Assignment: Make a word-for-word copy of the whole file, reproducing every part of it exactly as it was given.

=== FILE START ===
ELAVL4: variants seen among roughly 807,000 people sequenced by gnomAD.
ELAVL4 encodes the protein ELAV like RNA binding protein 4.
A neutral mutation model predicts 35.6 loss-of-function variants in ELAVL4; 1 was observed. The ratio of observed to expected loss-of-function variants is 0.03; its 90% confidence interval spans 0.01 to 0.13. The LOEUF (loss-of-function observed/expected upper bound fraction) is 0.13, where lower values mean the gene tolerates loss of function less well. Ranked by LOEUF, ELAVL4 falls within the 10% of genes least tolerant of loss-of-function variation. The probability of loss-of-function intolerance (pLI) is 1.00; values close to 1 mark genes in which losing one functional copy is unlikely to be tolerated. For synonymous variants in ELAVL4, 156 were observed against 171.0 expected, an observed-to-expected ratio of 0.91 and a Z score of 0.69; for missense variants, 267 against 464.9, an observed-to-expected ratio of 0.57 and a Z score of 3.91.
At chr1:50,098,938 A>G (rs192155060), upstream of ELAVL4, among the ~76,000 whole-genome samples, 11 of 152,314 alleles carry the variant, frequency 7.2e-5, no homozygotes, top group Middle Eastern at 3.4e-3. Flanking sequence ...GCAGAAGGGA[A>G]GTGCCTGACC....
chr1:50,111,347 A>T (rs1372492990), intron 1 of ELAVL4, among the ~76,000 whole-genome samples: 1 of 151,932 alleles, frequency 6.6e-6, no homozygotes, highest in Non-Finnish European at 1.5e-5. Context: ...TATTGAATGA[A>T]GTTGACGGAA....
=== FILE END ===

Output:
ELAVL4: variants seen among roughly 807,000 people sequenced by gnomAD.
ELAVL4 encodes the protein ELAV like RNA binding protein 4.
A neutral mutation model predicts 35.6 loss-of-function variants in ELAVL4; 1 was observed. The ratio of observed to expected loss-of-function variants is 0.03; its 90% confidence interval spans 0.01 to 0.13. The LOEUF (loss-of-function observed/expected upper bound fraction) is 0.13, where lower values mean the gene tolerates loss of function less well. Ranked by LOEUF, ELAVL4 falls within the 10% of genes least tolerant of loss-of-function variation. The probability of loss-of-function intolerance (pLI) is 1.00; values close to 1 mark genes in which losing one functional copy is unlikely to be tolerated. For synonymous variants in ELAVL4, 156 were observed against 171.0 expected, an observed-to-expected ratio of 0.91 and a Z score of 0.69; for missense variants, 267 against 464.9, an observed-to-expected ratio of 0.57 and a Z score of 3.91.
At chr1:50,098,938 A>G (rs192155060), upstream of ELAVL4, among the ~76,000 whole-genome samples, 11 of 152,314 alleles carry the variant, frequency 7.2e-5, no homozygotes, top group Middle Eastern at 3.4e-3. Flanking sequence ...GCAGAAGGGA[A>G]GTGCCTGACC....
chr1:50,111,347 A>T (rs1372492990), intron 1 of ELAVL4, among the ~76,000 whole-genome samples: 1 of 151,932 alleles, frequency 6.6e-6, no homozygotes, highest in Non-Finnish European at 1.5e-5. Context: ...TATTGAATGA[A>T]GTTGACGGAA....